We have a turning point – Churches – Clouds, animals, friends, professionals – Churches.  The tone seems to shift a bit with the turning point. The examination of conscience begins. What is this unrest? “But to confess what?” The poet seems unsatisfied with what he knows he should confess. Pride. He thought himself noble but now he is no more than a  toad. His description is so perfect! Slit eyes -half open. The image of the toad brings to mind both land and sea, the mythical fairy tales and the factual, the scientific- both body and soul. The poem ends with knowledge of self- seeing oneself as is, and not what’s thought to be. And so, this Ash Wed, let us remember what we really are – Toads and Ashes.

A Simple Proposal and An Honored Request


When my husband proposed to me it was a simple proposal. We went for a walk in my parents’ backyard. Beyond the sprawling walnut tree and swing and behind the tall white shed my father built, he stopped and asked, “Will you marry me?”I smiled, kissed him and said,  “yes!” He then walked me over to his car, opened the door and pulled out a little box, “I have something for you.” He opened it and slipped a ruby on my finger. “Come with me” he said and we showed my family the ring.

I remember such energy, such contentment surrounding that day. Everyone was thrilled. But what I remember most is a small act of kindness- a moment of vulnerability following the initial bustle of excitement. After telling my family the news and setting a date – the earliest possible date mind you, my now fiancee sat down on the sofa, kicked up one of his boots and said, “take off my boots.” I looked at him; I had never taken his boots off before, I had never thought to, he had never asked, but I walked over, took his shod foot in my hands and began to untie them. I felt like Esther approaching the throne or Ruth lying at the feet of Boaz as I untethered the knots, tugged at the heels and set the boots on the floor by his feet. He smiled. I smiled. He kissed my forehead, “thank you.” That was it. Soon afterwards my younger siblings and parents came in to talk.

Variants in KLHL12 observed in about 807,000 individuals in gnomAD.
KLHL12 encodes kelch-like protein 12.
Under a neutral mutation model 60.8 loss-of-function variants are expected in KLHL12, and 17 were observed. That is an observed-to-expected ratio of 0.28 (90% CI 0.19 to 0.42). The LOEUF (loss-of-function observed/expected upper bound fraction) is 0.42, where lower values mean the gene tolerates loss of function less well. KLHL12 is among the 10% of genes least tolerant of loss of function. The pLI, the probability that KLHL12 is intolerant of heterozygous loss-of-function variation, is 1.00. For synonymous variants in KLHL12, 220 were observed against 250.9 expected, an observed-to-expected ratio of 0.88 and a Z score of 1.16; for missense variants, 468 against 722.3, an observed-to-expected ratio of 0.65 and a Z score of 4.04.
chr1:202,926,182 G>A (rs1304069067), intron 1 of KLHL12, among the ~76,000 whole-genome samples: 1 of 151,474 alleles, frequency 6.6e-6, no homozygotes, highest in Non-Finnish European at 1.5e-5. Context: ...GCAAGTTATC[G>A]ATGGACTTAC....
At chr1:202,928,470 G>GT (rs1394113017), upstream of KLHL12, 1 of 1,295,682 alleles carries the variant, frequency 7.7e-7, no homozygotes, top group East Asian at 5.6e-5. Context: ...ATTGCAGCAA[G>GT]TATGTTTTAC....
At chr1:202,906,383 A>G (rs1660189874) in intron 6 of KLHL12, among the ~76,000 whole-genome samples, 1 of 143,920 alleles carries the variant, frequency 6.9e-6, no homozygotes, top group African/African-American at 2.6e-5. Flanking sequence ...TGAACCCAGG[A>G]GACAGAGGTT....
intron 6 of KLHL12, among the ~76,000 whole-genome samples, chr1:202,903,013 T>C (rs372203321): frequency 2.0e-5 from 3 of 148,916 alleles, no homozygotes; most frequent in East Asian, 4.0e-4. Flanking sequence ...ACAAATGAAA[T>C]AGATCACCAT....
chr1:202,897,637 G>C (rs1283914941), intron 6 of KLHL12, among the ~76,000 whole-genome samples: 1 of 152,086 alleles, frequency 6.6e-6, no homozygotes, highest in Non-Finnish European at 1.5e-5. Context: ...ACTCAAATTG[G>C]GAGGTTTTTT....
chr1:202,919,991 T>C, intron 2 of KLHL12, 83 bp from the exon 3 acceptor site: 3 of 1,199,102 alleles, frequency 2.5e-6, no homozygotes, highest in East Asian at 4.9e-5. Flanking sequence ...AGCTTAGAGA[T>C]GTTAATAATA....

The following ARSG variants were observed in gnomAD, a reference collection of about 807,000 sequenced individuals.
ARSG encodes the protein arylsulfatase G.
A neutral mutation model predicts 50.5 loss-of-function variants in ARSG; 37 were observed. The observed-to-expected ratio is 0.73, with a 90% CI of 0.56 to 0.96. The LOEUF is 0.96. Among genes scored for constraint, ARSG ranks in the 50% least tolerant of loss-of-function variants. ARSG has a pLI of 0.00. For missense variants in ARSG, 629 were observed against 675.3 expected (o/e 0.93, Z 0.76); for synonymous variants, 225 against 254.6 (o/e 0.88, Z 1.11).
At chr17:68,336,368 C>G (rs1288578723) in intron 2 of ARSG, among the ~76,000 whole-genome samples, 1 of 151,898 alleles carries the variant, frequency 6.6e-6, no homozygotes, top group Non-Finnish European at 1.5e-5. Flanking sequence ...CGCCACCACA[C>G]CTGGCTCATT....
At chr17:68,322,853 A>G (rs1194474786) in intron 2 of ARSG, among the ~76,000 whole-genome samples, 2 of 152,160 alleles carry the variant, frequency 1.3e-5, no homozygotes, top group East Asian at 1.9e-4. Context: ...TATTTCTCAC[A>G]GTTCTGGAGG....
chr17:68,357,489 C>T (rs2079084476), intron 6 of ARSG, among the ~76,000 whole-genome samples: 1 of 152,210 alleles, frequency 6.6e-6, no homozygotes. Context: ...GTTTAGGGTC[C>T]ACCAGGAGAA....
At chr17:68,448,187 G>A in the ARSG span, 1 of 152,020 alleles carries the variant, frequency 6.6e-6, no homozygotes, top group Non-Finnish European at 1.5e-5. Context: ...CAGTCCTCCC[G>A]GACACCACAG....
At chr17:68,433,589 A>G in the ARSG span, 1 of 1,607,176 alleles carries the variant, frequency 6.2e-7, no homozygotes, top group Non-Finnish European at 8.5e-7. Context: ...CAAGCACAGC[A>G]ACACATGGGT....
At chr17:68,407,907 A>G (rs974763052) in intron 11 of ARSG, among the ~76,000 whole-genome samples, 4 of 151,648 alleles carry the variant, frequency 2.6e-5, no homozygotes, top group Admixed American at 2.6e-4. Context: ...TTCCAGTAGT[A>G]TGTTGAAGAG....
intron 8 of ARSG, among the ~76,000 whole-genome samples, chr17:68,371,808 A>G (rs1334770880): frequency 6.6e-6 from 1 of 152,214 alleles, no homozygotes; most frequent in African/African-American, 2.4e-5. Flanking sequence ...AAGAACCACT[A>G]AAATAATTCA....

We’ve been married for a number of years now and we have a number of children but that moment stays with us. It was small but, oh, how significant! I could have easily brushed his request off with a laugh and sat down next to him, pestering him about upcoming plans and we would have never had this tender recollection. Thankfully, I took his request to heart. I followed his lead. I was bit uncomfortable and unsure about it, but I honored his request.

Now, when my husband comes home from work and he has had particularly rough day, he walks over to the sofa sits down and kicks up his foot. I walk over and take his shoes off without a word. We smile as we find sanctuary in one another and in a memory.